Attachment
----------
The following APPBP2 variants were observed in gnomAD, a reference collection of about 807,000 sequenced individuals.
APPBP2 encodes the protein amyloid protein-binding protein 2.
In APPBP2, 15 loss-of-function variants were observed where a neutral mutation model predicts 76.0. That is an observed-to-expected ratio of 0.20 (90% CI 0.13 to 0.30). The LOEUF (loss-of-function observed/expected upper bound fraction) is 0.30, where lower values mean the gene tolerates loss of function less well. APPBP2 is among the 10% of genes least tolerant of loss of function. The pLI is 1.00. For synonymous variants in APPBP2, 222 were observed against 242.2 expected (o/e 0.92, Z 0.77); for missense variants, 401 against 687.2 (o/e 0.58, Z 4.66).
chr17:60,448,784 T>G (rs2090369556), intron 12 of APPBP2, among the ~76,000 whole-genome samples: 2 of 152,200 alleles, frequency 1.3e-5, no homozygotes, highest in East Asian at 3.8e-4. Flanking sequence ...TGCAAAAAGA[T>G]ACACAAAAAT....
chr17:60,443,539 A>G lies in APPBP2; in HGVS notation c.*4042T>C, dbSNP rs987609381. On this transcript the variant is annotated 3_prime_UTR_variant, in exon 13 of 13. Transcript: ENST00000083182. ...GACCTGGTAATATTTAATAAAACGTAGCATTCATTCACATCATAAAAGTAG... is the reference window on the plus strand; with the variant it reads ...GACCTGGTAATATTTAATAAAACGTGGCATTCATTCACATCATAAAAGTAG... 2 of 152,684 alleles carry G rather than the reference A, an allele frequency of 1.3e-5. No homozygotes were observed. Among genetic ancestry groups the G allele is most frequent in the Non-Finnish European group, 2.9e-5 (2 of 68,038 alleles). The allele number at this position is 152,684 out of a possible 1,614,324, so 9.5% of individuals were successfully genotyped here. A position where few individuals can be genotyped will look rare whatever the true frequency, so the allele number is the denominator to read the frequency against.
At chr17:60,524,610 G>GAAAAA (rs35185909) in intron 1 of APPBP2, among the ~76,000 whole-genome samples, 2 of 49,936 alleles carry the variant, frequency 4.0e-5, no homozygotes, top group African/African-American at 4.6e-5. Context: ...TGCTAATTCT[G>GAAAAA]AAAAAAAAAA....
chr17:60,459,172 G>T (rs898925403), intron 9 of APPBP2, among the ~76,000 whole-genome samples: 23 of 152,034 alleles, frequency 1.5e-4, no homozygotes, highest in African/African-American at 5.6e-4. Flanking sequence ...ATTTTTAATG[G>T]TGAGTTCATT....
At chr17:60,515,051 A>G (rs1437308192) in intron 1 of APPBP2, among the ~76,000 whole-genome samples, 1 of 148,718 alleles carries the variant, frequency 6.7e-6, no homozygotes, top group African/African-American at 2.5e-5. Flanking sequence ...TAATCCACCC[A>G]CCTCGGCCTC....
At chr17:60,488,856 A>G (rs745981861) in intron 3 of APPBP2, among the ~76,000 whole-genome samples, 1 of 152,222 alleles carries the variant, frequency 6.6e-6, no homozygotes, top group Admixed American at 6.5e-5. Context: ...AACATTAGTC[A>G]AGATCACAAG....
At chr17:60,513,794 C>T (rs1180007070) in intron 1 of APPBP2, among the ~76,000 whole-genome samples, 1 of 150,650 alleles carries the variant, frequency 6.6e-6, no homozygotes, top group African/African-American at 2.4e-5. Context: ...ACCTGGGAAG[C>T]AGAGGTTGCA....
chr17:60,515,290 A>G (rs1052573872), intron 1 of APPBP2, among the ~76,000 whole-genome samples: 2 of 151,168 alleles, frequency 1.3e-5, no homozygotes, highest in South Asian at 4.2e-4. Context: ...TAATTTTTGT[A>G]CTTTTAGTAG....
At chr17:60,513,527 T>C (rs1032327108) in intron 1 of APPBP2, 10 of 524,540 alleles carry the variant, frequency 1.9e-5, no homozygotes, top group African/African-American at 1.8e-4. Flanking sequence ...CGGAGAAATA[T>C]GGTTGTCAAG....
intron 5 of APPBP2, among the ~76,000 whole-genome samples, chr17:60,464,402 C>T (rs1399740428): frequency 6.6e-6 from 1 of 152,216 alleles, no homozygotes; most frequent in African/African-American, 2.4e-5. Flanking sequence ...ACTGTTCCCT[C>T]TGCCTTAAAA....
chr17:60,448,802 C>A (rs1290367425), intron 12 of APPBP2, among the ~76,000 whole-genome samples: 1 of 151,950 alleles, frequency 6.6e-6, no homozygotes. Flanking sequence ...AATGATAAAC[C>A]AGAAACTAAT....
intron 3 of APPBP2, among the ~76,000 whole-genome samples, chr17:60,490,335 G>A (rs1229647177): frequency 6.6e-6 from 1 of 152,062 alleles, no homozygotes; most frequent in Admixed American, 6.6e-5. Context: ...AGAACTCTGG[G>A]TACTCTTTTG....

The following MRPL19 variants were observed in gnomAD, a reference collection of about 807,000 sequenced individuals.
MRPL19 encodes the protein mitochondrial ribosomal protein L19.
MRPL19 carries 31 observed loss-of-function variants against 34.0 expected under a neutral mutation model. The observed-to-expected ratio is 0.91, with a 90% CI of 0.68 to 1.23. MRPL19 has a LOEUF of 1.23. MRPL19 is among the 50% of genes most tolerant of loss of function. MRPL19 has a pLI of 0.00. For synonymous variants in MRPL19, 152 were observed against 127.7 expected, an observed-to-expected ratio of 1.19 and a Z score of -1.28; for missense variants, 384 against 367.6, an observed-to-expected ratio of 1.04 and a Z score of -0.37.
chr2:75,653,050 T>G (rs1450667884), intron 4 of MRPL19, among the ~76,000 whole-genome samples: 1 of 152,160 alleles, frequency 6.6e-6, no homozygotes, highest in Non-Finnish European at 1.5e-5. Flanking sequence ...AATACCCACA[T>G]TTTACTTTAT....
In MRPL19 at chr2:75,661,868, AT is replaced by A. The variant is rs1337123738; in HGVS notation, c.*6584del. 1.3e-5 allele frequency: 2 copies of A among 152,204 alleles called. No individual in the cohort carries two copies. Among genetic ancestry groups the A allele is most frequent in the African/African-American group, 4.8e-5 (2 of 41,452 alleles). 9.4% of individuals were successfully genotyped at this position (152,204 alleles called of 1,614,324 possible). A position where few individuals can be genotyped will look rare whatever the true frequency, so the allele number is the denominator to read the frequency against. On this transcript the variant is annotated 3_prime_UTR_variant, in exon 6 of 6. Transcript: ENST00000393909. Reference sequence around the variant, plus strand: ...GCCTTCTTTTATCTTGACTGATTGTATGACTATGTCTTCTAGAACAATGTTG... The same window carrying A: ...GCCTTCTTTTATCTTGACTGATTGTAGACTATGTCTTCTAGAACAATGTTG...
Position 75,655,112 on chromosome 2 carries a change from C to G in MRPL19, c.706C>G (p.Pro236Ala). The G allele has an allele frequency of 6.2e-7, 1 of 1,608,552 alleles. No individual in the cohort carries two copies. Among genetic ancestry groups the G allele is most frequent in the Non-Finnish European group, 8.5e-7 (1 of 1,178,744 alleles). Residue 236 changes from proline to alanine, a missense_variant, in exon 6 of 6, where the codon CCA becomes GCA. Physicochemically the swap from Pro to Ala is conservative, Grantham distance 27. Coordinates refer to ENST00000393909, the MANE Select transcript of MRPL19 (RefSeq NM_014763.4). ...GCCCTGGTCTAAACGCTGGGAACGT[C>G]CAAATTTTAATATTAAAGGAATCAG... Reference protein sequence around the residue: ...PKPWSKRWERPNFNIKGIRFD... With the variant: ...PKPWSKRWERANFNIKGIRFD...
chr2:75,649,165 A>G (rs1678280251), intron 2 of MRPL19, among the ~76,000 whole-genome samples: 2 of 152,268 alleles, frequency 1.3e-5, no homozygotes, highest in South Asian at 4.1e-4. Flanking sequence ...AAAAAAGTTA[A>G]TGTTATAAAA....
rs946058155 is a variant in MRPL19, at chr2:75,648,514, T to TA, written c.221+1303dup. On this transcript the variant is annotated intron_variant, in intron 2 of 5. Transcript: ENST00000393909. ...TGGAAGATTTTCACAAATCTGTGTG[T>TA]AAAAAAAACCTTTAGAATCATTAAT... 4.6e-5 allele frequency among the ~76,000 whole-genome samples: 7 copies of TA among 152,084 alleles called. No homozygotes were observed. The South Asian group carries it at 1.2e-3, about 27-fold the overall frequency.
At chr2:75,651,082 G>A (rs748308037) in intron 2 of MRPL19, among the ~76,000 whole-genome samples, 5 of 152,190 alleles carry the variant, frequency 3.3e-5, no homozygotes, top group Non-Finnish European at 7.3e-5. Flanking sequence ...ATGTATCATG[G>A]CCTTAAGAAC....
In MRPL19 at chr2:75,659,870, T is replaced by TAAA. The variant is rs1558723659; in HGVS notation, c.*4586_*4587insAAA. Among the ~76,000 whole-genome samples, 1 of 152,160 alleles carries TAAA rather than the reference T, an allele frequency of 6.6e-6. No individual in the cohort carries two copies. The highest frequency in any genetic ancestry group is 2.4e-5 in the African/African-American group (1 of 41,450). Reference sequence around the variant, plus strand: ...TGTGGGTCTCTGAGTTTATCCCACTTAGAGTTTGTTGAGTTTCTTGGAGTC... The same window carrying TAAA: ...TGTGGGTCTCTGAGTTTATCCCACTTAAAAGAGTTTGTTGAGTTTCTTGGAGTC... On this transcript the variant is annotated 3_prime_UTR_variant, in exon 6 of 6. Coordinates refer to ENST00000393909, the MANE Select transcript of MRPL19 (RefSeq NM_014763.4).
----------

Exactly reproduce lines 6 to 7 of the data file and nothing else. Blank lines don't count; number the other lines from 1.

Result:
At chr17:60,524,610 G>GAAAAA (rs35185909) in intron 1 of APPBP2, among the ~76,000 whole-genome samples, 2 of 49,936 alleles carry the variant, frequency 4.0e-5, no homozygotes, top group African/African-American at 4.6e-5. Context: ...TGCTAATTCT[G>GAAAAA]AAAAAAAAAA....
chr17:60,459,172 G>T (rs898925403), intron 9 of APPBP2, among the ~76,000 whole-genome samples: 23 of 152,034 alleles, frequency 1.5e-4, no homozygotes, highest in African/African-American at 5.6e-4. Flanking sequence ...ATTTTTAATG[G>T]TGAGTTCATT....